Key West was first connected to the road grid in 1928, with a couple of intermittent ferries. All the bridges along the way, including the famous seven-mile bridge, were completed and open to traffic in 1938, when FDR toured the finished highway. We did not enjoy the amenities of his tour, but after a 64-mile day, we were relieved to find a motel on Key Largo and indulge in a pricey blackened Yellowtail dinner.

An iguana, on the way. It would be hard to leave him out.

An iguana, on the way. It would be hard to leave him out.

Of course, winter’s cold seldom finds the Florida Keys. New Year’s Eve welcomed us with 70 degree temperatures under bright sunshine in the morning. Hurricane Irma debris lined Highway 1 and sometimes blocked the adjacent bike path, a dedicated trail that often included its own connecting bridges separate from the vehicular bridges. Fishermen, some with tents and BBQs, lined these long bike and pedestrian spans. At times we had to dodge colorful iguanas, which otherwise mostly sunbathe on abandoned abutments and supporting berms, scurrying away when troubled.

Fifty-two miles to Marathon Key. Our tiredness and the isolation of our motel shielded us from the New Year's celebrations — raucous in a population given to no-shirts, no-shoes, and lots of recreational boozing.

* * *

Over the years Key Largo and Marathon Key have played a little-publicized but outsized role in US-Cuba relations. After the serial imposition of progressively stricter US embargos on the island, the Castro nomenclatura found itself in want of both luxuries and specialty technical apparatus. Even when these items could be obtained through convoluted schemes involving passthrough countries or ingenious smuggling, little foreign exchange was available to pay for them. So Fidel — or someone close to him who provided plausible deniability to the Comandante en Jefe — came up with a two-part idea implemented by the De la Guardia twins, Tony and Patricio, heroes of the Angola war, with popular (second only to Fidel) General Arnaldo “Negro” Ochoa, also from the Angola (and Somalia) war playing a supporting role.

Some funds for the operation were generated by charging Colombian drug runners a safe passage fee when traversing Cuban territorial waters. These funds were laundered by Fidel’s criminal asylee, Robert Vesco, the fugitive financier. Another part of the scheme involved stealing luxury yachts from Florida marinas. Since these were heavily insured and were owned, after all, by rich capitalists, the insurance companies reimbursed the owners promptly, and little fuss ensued. As Nobel-nominated author Norberto Fuentes, best friend with Ochoa and Tony De la Guardia, relates in his book, Dulces Guerreros Cubanos, the yachts were then employed in the “Caribbean Express,” smuggling Marlboros, specialty arms, and technology obtained through the services of shady Florida arbitragers and go-betweens. The delivery, loading, payment, and shipping took place on Key Largo and Marathon Key. Everyone involved skimmed and squirreled away thousands of dollars (the principals, hundreds of thousands of dollars) — insurance policies, commissions and brokerage fees being frowned upon in socialist Cuba.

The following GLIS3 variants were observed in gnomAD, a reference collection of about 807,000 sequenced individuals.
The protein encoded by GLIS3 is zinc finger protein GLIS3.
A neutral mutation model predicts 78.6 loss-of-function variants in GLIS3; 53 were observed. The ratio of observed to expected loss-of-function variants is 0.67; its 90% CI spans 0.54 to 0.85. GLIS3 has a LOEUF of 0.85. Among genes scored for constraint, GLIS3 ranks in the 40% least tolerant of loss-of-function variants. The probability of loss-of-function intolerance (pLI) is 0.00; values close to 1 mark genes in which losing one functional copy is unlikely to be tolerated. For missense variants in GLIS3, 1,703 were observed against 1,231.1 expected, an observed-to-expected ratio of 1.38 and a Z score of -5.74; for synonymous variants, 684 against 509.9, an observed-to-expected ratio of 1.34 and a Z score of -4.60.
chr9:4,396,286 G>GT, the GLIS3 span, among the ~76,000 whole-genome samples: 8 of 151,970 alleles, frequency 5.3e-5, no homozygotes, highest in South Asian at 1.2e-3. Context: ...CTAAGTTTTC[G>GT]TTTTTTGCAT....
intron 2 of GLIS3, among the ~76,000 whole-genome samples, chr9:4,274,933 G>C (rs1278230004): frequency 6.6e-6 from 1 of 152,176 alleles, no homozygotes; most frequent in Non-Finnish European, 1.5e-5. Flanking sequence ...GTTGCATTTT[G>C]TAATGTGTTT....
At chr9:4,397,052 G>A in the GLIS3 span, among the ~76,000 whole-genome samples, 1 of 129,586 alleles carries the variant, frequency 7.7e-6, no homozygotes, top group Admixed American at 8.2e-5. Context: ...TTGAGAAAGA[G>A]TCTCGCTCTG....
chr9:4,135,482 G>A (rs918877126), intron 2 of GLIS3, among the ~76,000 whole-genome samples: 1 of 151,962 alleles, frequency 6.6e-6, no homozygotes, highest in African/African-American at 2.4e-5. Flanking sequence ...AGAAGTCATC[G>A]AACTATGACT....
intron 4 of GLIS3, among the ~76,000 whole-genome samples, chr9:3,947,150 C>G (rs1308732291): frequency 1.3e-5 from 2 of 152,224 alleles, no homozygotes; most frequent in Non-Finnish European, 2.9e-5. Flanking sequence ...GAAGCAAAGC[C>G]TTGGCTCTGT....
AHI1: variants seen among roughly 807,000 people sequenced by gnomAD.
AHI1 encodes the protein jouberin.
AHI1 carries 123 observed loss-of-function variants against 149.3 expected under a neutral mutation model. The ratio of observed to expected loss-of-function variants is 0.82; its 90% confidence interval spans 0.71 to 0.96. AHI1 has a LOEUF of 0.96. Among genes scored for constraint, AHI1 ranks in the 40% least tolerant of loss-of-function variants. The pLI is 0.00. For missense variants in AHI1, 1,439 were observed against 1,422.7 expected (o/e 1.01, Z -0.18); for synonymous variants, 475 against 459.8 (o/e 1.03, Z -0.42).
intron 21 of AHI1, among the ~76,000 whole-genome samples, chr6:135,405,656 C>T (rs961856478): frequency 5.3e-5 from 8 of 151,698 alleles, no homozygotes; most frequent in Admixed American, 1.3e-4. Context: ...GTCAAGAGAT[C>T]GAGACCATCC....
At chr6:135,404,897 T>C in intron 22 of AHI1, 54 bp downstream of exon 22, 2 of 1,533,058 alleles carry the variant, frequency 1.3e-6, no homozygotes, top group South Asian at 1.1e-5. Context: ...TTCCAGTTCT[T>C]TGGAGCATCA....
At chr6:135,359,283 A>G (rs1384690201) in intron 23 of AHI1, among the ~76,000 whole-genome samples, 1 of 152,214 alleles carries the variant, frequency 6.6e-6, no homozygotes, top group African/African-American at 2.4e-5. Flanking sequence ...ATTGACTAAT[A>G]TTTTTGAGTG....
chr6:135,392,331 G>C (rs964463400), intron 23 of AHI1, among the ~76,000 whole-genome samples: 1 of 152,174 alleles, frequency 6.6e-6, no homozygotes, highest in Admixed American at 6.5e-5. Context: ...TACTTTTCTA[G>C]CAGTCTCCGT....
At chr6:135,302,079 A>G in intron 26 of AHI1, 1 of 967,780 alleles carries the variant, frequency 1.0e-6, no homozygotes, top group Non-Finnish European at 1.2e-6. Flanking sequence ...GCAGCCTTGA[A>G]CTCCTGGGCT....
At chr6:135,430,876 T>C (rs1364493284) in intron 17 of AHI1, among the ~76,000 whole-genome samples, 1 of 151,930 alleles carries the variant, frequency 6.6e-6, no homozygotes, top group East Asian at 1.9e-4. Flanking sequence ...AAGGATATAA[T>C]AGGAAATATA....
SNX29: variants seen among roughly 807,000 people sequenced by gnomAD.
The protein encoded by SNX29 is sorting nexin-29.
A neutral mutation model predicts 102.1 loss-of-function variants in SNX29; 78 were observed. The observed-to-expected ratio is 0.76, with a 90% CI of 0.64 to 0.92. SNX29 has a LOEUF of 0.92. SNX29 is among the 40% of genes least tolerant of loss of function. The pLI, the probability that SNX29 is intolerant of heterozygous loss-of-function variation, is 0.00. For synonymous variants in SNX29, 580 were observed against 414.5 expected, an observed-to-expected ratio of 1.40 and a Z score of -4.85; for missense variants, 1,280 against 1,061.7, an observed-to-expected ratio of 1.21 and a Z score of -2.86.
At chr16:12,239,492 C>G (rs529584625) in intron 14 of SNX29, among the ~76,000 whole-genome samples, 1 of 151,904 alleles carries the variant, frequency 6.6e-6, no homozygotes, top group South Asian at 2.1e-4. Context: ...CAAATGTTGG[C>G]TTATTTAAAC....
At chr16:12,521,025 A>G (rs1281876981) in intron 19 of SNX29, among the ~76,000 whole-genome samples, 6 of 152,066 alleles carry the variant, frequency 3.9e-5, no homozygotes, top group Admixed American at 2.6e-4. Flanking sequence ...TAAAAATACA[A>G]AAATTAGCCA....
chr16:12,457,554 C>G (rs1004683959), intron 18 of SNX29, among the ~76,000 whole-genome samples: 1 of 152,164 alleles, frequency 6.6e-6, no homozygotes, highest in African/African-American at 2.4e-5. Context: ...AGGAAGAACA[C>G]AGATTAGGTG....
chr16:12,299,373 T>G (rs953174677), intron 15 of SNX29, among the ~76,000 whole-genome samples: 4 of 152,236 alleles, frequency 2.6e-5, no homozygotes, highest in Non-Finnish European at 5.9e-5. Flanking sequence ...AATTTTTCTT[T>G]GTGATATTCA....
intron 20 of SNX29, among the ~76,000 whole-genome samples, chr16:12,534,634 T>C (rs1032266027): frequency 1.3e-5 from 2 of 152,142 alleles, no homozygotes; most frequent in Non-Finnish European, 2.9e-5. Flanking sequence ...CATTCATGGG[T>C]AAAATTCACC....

Since these stolen yachts were heavily insured and were owned, after all, by rich capitalists, the insurance companies reimbursed the owners promptly, and little fuss ensued.

In 1989, for reasons that I can’t — yet — quite understand, Ochoa, the De la Guardia twins, and author Fuentes, all intimates of the Castros, were purged in a series of show trials reminiscent of Stalin’s in the 1930s. The charges had to do with drugs; the ostensible reason was the Castros’ desire to improve their image before international opinion. But there were other, murkier reasons, all too complex to elaborate here.

Ochoa and Antonio De la Guardia went to the firing squad. When Raúl Castro announced the verdict to Cuba’s rubberstamp constituent assembly, he was drunk and tearful and wore a bullet-proof vest; Arnaldo Ochoa was one of his best friends. Norberto Fuentes was saved through the special pleading of Fidel’s friend, Nobel laureate Gabriel Garcia Marquez, the Colombian writer. Fuentes now lives in Miami surrounded by his Castro-era memorabilia, in the same building as my cousin Carlos’ son. Fuentes and Carlos were schoolmates before the Revolution.

And the stolen luxury yachts? These became part of the fleet that takes rich tourists out on exclusive fishing excursions around Cuba.

* * *